The AMSAT satellite status page at http://www.amsat.org/wordpress/status/ indicates
that as of the morning of 11/25/2016, AO-7 is once again entering eclipse
each orbit. This means that the 24 Hour mode change timer is interrupted
each orbit, and the satellite will be found primarily in Mode U/v (aka Mode
As the satellite is powered solely by the now 42 year-old solar panels, it
is very sensitive to strong uplink signals, particularly CW. Users should
closely monitor their downlink for excessive chirp, warbling or “FM’ing” and
reduce power as necessary. More information including frequencies can be
found at http://ww2.amsat.org/?page_id=1031
UPDATE: The DXpedition has been postponed by the Venezuelan Navy. Check back for further updates.
The YX0V DXpedition to Aves Island, scheduled for August 31, 2016 – September 10, 2016, will include satellite operations. Aves Island, a dependency of Venezuela located west of Dominica and Guadeloupe in the Caribbean Sea (grid FK85eq), is currently the 17th most wanted DXCC entity on the Club Log DXCC Most-Wanted List and was last on the air in 2007. It was active on satellite during the YV0D expedition in 2004, but only three QSOs were made before the DXpedition was cut short due to rain.
Happy 20th Birthday to Fuji-OSCAR 29! FO-29, known as JAS-2 (Japan Amateur Satellite #2) prior to launch, was built by the Japan Amateur Radio League and launched on August 17, 1996 from Tanegashima Space Center on an H-II launch vehicle into a 1,323 km x 800 km orbit with an inclination of 98.5 degrees. In addition to a 100 kHz wide analog Mode V/u (JA) transponder, the satellite also includes a packet BBS and digitalker. While the packet BBS and digitalker are non-functional, the analog transponder continues to provide excellent service to the present day.
With an apogee of 1,323 km, FO-29 provides satellite operators with excellent DX opportunities every few months when the passes over a certain area are at or near apogee. Intercontinental QSOs are regularly reported, including between Japan and Alaska as well as North America and Europe. Although the theoretical maximum range at apogee is 7,502 km, the excellent sensitivity of the transponder as well as it’s strong and solid 1 watt downlink signal allows that distance to be stretched when the conditions are suitable. The longest distance QSO made via FO-29’s analog transponder occurred on August 27, 2015 with an unscheduled 7,599.959 km contact between KG5CCI in Arkansas and F4CQA in France.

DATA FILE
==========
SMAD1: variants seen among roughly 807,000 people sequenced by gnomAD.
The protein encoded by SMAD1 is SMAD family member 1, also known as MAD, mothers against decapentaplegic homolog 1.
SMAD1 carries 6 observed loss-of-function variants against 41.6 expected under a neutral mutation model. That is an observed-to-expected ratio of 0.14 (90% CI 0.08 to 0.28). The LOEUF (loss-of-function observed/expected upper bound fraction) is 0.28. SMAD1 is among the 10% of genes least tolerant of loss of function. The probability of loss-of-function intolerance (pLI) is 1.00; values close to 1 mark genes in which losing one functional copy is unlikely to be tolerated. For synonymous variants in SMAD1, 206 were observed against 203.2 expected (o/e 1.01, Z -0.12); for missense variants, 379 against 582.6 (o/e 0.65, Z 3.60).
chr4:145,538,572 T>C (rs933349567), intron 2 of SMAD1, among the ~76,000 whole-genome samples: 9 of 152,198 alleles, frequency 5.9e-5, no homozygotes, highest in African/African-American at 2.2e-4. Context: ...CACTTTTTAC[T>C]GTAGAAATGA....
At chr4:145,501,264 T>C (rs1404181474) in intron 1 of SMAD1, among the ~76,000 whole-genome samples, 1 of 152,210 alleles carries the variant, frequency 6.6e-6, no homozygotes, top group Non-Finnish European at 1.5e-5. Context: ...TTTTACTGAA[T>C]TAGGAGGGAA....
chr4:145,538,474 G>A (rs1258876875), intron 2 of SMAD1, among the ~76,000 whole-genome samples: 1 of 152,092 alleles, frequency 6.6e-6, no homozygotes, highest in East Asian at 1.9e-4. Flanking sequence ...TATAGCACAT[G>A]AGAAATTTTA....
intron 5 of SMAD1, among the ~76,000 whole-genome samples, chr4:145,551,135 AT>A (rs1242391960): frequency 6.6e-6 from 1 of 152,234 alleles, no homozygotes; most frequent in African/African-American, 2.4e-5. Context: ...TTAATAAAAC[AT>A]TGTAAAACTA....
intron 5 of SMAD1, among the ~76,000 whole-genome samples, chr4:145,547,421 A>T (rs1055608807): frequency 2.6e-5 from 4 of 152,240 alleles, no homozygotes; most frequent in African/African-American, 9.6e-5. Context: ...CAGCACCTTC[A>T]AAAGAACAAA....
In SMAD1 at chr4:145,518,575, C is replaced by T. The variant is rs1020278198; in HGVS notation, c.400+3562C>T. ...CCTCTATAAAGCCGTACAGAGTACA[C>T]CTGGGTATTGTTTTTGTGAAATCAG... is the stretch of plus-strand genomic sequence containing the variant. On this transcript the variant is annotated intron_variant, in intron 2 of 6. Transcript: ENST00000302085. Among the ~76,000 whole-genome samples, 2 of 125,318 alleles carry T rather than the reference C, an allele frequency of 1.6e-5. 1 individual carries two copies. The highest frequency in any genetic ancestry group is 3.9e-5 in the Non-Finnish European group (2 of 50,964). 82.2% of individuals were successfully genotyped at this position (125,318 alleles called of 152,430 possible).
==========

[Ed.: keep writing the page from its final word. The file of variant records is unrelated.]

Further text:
The sensitivity of the transponder and Mode V/u configuration also allow for the effective use of minimal equipment. QSOs have been reported using a single Yaesu FT-817 transceiver and the stock rubber duck antenna. Taking advantage of the large footprint and ease of use, the K1N DXpedition to Navassa Island made a total of 29 QSOs during two passes of FO-29 on February 12, 2015 using a single Yaesu FT-817 along with an Arrow antenna, activating that extremely rare DX entity on satellite for the first time since 1978. To this day, FO-29 remains the most widely used linear transponder satellite and an ideal satellite for beginners looking to become active on the linear transponder satellites to try first. The FO-29 control station maintains a blog (in Japanese) at http://blog.goo.ne.jp/fo-29. The JARL also offers an award for confirmed QSOs with ten different stations via FO-29.
The Argentinian earth observation satellite ÑuSat-1 carries a linear transponder built by AMSAT Argentina. The satellite was launched on a CZ-4B rocket from Taiyuan Satellite Launch Center in China on May 30, 2016 into a 500 km sun-synchronous orbit with an inclination of 97.5 degrees and a Local Time of the Descending Node (LTDN) of 10:30.
The AMSAT Argentina U/v inverting transponder, named LUSEX, has an uplink of 435.935 MHz to 435.965 MHz and a downlink of 145.935 MHz to 145.965 MHz. Total power output is 250 mW. There is also a CW beacon at 145.900 MHz with a power output of 70 mW.
The transponder and beacon are currently active over Latin America and Europe.